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Year : 2020  |  Volume : 9  |  Issue : 6  |  Page : 248-252

A scoping review of vestibular paroxysmia: An acute disabling clinical entity

Department of Otorhinolaryngology, IMS and SUM Hospital, Siksha “O” Anusandhan University, K8, Kalinganagar, Bhubaneswar, 751003, Odisha, India

Date of Submission22-Apr-2020
Date of Decision10-Oct-2020
Date of Acceptance19-Oct-2020
Date of Web Publication02-Nov-2020

Correspondence Address:
Santosh Kumar Swain
Department of Otorhinolaryngology, IMS and SUM Hospital, Siksha “O” Anusandhan University, K8, Kalinganagar, Bhubaneswar, 751003, Odisha
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Source of Support: None, Conflict of Interest: None

DOI: 10.4103/2221-6189.299179

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The pathogenesis of vestibular paroxysmia (VP) is the neurovascular cross-compression of cranial nerve VIII with short episodes of vertigo as the common symptom. The exact etiological and clinical profiles of the patients with VP are uncertainly reported in literature. It is general thought that loop of the anterior inferior cerebellar artery and posterior inferior cerebellar artery (less commonly), vertebral artery, or a vein is involved in compressing cranial nerve VIII. Ephaptic neural discharges at the proximal end of cranial nerve VIII, which is covered by oligodendrocytes, are thought to be the mechanism for VP. Patients with VP often suffer from brief vertiginous attacks of several episodes in a single day, and nystagmus is seen during the vertiginous episodes. Cranial magnetic resonance imaging could reveal the arterial compression of cranial nerve VIII. The important differential diagnosis of VP includes vestibular migraine, Meniere’s disease, benign paroxysmal positional vertigo, superior canal dehiscence syndrome, epileptic vertebral aura, paroxysmal brainstem attacks (in multiple sclerosis or after brainstem stroke), transient ischemic attacks and panic attacks. The vertiginous attacks can be ceased by administration of a low dose of carbamazepine. Carbamazepine or oxcarbazepine, even in low doses, can be efficient to relieve VP, and they have the same efficiency both in adults and in children.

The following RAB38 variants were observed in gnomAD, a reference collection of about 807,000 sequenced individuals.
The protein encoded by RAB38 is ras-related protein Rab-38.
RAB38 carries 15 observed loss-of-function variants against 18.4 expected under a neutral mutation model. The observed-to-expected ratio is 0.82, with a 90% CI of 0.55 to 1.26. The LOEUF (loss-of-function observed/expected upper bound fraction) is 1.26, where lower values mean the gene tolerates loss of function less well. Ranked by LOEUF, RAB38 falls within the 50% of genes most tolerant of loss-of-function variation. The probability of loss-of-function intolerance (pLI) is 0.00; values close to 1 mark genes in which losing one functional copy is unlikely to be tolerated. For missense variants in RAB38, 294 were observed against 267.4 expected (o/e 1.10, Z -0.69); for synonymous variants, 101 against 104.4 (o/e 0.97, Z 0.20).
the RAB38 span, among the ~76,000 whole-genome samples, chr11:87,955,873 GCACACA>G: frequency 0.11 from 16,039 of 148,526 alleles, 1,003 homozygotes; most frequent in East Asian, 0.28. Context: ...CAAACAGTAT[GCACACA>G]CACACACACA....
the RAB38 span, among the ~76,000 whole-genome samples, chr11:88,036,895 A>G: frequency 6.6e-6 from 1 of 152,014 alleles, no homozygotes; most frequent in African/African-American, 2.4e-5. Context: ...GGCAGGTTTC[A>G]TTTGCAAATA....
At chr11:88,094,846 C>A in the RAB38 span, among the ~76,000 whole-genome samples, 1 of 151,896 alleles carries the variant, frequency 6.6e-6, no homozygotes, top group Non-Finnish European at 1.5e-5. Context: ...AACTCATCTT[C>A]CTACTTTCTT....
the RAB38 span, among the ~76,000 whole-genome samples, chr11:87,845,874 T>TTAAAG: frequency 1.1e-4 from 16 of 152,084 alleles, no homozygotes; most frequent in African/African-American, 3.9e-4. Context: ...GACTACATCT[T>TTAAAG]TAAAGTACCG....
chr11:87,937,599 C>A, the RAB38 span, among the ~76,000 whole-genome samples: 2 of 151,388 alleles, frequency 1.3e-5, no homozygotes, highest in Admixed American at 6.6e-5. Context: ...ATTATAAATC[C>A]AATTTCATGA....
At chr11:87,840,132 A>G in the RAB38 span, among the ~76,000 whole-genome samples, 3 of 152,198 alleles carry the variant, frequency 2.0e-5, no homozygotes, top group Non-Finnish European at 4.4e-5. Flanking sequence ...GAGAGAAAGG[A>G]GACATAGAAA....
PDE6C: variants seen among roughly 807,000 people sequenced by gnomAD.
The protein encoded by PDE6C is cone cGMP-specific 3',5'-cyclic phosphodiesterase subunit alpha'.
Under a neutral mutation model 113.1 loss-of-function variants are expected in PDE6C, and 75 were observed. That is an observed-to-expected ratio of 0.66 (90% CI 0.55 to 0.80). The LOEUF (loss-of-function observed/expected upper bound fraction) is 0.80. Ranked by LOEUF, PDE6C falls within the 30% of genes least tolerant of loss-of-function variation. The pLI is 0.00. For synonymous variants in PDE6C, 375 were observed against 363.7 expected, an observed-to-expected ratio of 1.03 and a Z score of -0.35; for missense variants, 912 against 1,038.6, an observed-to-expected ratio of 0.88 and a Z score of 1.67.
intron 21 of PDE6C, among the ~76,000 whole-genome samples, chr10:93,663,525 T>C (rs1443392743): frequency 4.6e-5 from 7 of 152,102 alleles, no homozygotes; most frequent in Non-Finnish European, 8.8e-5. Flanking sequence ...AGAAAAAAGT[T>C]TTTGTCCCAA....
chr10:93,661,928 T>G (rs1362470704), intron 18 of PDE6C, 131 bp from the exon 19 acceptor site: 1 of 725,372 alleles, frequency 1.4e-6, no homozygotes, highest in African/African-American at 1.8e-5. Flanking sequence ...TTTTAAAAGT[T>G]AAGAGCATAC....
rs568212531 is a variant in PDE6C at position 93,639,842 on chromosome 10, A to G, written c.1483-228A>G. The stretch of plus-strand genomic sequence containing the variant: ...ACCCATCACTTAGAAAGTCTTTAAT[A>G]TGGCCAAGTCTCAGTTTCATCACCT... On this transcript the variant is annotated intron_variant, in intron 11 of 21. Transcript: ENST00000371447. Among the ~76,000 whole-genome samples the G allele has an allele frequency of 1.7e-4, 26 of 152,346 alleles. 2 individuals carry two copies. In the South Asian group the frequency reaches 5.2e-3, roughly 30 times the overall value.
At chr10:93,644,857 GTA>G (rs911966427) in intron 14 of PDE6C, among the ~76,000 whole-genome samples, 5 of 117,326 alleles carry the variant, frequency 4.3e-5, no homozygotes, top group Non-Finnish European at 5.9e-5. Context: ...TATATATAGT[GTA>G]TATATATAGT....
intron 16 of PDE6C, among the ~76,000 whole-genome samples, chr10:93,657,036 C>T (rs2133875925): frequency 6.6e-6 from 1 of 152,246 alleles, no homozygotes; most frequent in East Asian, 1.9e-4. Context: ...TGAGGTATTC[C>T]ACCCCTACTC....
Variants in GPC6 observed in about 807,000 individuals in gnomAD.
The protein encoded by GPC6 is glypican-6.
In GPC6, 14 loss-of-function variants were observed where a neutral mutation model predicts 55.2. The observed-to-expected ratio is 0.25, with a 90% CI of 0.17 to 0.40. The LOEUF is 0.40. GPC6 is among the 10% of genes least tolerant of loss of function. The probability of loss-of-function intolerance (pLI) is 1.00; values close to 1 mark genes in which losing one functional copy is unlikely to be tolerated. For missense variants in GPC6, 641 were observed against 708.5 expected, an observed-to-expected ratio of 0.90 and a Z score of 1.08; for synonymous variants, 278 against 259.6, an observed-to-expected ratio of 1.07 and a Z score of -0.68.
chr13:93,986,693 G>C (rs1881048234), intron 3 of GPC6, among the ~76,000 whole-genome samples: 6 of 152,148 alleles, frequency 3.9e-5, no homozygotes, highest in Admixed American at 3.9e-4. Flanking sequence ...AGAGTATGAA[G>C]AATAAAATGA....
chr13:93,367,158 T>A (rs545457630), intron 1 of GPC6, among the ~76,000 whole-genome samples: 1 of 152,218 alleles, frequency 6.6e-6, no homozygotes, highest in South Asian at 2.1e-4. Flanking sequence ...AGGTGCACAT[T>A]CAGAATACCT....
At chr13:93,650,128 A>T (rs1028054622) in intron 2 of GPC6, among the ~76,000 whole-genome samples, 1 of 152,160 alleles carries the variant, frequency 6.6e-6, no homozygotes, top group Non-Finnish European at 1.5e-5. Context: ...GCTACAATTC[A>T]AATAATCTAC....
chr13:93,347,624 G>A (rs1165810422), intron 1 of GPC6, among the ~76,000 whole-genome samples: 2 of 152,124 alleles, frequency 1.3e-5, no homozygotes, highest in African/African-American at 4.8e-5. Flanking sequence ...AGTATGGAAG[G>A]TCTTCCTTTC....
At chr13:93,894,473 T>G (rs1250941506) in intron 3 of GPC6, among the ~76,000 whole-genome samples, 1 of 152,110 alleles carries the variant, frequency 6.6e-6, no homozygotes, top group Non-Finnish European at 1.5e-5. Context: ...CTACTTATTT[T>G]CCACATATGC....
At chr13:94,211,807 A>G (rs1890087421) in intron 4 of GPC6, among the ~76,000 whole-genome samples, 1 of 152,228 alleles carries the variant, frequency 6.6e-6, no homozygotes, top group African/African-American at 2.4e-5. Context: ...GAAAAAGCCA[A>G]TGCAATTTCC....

Keywords: Vertigo; Vestibular paroxysmia; Neurovascular cross-compression; Carbamazepine

How to cite this article:
Swain SK, Shajahan N, Acharya S. A scoping review of vestibular paroxysmia: An acute disabling clinical entity. J Acute Dis 2020;9:248-52

How to cite this URL:
Swain SK, Shajahan N, Acharya S. A scoping review of vestibular paroxysmia: An acute disabling clinical entity. J Acute Dis [serial online] 2020 [cited 2021 Apr 18];9:248-52. Available from: http://www.jadweb.org/text.asp?2020/9/6/248/299179

  1. Introduction Top